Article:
Albert and Rosemary Dostal are at odds with city of Countryside regarding nine acres of land they want to sell. (Photo by Steve Metsch)

Albert and Rosemary Dostal are at odds with city of Countryside regarding nine acres of land they want to sell. (Photo by Steve Metsch)

Couple, Countryside at odds over land sale 

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By Steve Metsch 

Albert and Rosemary Dostal want to sell their empty land in Countryside. But they are finding that a difficult task.

The couple, which lives in the 9500 block of 56th Street, owns nine wooded acres south of 57th Street and west of La Grange Road.

It’s been in the family for 50 years, purchased by Albert’s late father.

A few years ago, the couple found a potential buyer who wanted to build 23 single-family homes there. That went nowhere.

Albert said the offer received from the home builder in 2017 “was a pretty good price” and was more than $2 million.

Last year, they found a potential buyer who wanted to build an assisted living center for low-income seniors, giving Countryside residents first dibs. That went nowhere.

The assisted senior living project proposed in 2022 “would help the city and have less traffic than 23 houses,” Albert said. “This was a great opportunity.”

Rosemary, 55, and Albert, 65, say the city of Countryside has been reluctant to work with them to approve a land sale, and that the city has its own plans for the property.

The couple received a letter dated April 18, 2022, from the city in which the city stated “it desires to acquire the real estate for park purposes.”

Countryside offered the couple $2 million for the nine acres, and threatened – if no reply was received in 10 days – to proceed with eminent domain to acquire the property on the land.

The Dostals replied to the city on April 26, 2022, through their lawyer, James Wagner, that the city’s offer is based on one appraisal and asked for a copy to evaluate the offer.

Nothing of substance has happened since other than “numerous phone calls between our attorney and their attorney,” Albert said.

Countryside Mayor Sean McDermott said the city has not stood in the way of any development, adding that potential buyers have not gone through the proper steps.

“We are allowing them (to sell). If they come back to the city of Countryside with a proposal, we will entertain their proposal and look at it. They have not brought a proposal to us. We are not prohibiting them from selling their property,” he said.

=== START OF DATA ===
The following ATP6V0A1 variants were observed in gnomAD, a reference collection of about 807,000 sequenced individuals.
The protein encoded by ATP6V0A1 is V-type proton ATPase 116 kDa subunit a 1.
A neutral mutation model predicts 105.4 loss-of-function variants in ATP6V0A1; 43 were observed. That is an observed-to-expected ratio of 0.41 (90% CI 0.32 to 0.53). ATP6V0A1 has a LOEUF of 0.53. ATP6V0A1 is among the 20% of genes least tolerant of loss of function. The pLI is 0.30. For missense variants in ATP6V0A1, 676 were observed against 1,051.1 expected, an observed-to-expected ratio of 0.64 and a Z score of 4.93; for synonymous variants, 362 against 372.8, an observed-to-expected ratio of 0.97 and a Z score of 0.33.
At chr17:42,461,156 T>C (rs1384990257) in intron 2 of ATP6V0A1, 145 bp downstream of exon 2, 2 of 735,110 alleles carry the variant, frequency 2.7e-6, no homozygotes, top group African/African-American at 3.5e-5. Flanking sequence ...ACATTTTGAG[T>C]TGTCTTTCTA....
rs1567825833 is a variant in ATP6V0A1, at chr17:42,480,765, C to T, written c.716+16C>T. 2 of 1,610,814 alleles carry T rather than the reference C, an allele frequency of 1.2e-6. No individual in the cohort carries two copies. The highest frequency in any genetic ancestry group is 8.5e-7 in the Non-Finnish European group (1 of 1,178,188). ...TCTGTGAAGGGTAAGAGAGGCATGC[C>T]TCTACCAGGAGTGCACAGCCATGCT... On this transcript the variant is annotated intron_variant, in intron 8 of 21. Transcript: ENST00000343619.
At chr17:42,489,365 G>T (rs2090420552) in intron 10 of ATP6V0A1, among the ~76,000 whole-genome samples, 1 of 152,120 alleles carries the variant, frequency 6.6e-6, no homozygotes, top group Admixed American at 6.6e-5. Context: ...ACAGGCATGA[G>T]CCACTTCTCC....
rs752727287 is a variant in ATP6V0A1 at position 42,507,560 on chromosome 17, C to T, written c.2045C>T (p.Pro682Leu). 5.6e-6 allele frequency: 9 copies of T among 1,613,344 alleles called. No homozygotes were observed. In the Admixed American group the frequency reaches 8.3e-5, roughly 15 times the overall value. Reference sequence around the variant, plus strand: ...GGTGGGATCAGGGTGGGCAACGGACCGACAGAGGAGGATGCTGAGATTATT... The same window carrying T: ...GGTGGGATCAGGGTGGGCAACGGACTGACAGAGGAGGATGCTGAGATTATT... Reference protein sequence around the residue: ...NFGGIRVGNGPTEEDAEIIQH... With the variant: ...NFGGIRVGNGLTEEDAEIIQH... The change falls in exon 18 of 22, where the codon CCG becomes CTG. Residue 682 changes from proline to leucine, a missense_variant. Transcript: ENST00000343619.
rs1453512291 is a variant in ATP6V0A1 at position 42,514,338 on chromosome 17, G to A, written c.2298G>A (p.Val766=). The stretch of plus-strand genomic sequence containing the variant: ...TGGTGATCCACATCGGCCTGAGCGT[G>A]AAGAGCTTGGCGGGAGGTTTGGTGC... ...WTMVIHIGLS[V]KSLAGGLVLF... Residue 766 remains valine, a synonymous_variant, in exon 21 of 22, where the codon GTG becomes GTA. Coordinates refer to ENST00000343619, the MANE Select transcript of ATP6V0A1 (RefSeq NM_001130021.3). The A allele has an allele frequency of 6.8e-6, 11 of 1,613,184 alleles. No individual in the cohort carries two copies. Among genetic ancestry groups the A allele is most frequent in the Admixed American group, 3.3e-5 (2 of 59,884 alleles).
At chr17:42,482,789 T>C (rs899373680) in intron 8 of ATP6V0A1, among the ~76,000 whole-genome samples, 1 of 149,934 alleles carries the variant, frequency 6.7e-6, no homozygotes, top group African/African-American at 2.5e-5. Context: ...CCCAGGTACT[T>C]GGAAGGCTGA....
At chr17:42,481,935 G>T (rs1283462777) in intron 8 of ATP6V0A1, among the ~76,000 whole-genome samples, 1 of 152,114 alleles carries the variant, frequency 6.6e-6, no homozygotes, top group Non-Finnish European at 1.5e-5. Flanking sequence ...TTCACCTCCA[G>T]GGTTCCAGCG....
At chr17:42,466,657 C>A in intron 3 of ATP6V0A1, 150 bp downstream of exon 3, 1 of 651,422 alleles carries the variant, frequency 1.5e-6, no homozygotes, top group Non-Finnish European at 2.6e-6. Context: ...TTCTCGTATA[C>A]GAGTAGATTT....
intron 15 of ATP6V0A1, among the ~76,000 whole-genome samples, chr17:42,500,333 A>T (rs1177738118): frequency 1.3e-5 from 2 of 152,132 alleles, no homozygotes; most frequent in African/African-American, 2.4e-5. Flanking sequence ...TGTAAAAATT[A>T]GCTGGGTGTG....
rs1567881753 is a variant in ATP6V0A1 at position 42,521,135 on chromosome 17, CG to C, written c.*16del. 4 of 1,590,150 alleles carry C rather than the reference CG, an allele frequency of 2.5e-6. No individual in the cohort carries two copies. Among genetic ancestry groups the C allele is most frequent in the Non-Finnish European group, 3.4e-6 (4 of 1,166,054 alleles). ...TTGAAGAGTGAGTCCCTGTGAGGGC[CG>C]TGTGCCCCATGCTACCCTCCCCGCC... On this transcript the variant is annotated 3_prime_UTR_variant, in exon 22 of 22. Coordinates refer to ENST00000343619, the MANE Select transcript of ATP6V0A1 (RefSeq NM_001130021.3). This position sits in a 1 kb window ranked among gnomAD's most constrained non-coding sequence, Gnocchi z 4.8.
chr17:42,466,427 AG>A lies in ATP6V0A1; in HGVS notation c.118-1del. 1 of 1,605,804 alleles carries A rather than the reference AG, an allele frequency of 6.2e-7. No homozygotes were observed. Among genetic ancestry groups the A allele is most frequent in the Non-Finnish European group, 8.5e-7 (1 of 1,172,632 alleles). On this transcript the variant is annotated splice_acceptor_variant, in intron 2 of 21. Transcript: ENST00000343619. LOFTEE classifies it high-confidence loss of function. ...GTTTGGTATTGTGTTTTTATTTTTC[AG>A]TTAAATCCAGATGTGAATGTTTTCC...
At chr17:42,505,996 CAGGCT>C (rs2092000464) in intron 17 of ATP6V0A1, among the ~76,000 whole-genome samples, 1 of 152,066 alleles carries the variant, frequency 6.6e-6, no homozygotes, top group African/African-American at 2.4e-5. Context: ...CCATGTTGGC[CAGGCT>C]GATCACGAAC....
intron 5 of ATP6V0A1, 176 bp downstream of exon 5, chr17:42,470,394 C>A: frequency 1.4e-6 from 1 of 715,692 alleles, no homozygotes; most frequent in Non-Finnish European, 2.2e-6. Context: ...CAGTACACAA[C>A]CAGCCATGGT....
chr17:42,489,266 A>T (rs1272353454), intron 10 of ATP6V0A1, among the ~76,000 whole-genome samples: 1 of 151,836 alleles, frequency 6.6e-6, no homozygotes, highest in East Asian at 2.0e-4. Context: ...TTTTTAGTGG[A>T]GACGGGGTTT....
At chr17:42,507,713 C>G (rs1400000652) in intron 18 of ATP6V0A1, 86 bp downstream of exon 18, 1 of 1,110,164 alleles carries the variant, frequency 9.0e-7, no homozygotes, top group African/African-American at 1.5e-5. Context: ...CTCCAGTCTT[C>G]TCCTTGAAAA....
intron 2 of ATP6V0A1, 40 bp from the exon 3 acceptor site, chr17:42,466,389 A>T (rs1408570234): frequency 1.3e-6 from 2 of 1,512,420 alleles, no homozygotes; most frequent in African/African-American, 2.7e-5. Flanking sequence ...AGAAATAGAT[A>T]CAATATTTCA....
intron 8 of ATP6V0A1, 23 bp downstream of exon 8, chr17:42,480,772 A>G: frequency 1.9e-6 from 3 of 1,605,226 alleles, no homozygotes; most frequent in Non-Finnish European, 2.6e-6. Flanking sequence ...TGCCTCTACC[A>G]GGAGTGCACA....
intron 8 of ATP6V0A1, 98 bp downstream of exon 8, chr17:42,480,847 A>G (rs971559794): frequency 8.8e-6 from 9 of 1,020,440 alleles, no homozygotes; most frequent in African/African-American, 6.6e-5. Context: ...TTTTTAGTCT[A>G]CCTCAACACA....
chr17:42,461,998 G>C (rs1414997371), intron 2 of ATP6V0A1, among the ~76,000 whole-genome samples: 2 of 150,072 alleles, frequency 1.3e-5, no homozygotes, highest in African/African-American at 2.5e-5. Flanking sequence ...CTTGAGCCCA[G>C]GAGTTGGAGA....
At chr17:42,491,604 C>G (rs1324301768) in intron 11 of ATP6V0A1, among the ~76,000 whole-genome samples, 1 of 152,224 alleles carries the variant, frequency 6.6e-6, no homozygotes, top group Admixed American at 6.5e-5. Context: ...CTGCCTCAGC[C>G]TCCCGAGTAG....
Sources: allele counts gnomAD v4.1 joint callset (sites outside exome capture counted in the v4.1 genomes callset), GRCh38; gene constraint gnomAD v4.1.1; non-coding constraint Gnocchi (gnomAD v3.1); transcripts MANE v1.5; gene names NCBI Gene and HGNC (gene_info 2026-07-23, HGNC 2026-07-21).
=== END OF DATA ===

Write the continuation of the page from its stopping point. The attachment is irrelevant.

Asked about the 2022 letter from the city, he said, “we don’t discuss real estate transactions.”

Rosemary asked about the land during the public comment portion of the city council meeting on Feb. 8.

“The offer was way below the market value,” she said of the city’s $2 million offer.

“Now I have this eminent domain hovering over me. If the city is no longer interested in the property, I want that in writing so I can go ahead and pursue buyers or myself to develop the property,” she told the council.

McDermott said “we’ll have further conversations with you, Rose.”

Albert said the senior assisted living idea would have been a good addition to the city.

In an interview at their home on Feb. 13, Rosemary said she was told the city did not want to meet with her to discuss the land “because it’s under negotiation.”

Eminent domain has not been exercised, “so we’re in limbo,” Rosemary said. “To me, why do you want to go through costly litigation?”

She’s concerned potential buyers may be scared away.

“If we have an interested party who wants to negotiate, what am I going to tell them? If I have an eminent domain threat on my property, would you be interested?” she said.

Albert doubts a park is in the works, at least not one using all nine acres

“Are they going to say, ‘We don’t need nine acres? We need one.’ And then spin it off to somebody else?” Albert wondered.

McDermott did say after a council meeting on Feb. 22 that the plan for 23 homes didn’t proceed “because the developer was unwilling to put a park in that we had required.

“They were unwilling pay for the street and the curbs. The proposal did not move forward. They pulled the proposal,” he said.

The proposed low-income senior living development was discussed, McDermott said, but not never brought before the city’s zoning committee.

“We had a conversation with the individual wishing to develop that, not the Dostals,” he said. “We will entertain any proposal that they bring forward.”

After the Feb. 22 council meeting, Ald. Scott Musillami, who represents the 3rd Ward where the land is located, said: “We’re not here to stop any sale, but they have to bring it to zoning before they come to us. You have to get approval to move the project forward.”

Meanwhile, the Dostals continue to hope they eventually are able to sell.

“I’ve been thinking about this a lot,” Rosemary said. “Now is the time to be heard.”

Albert said he feels “kind of left in the dark” adding “what’s the next step?”

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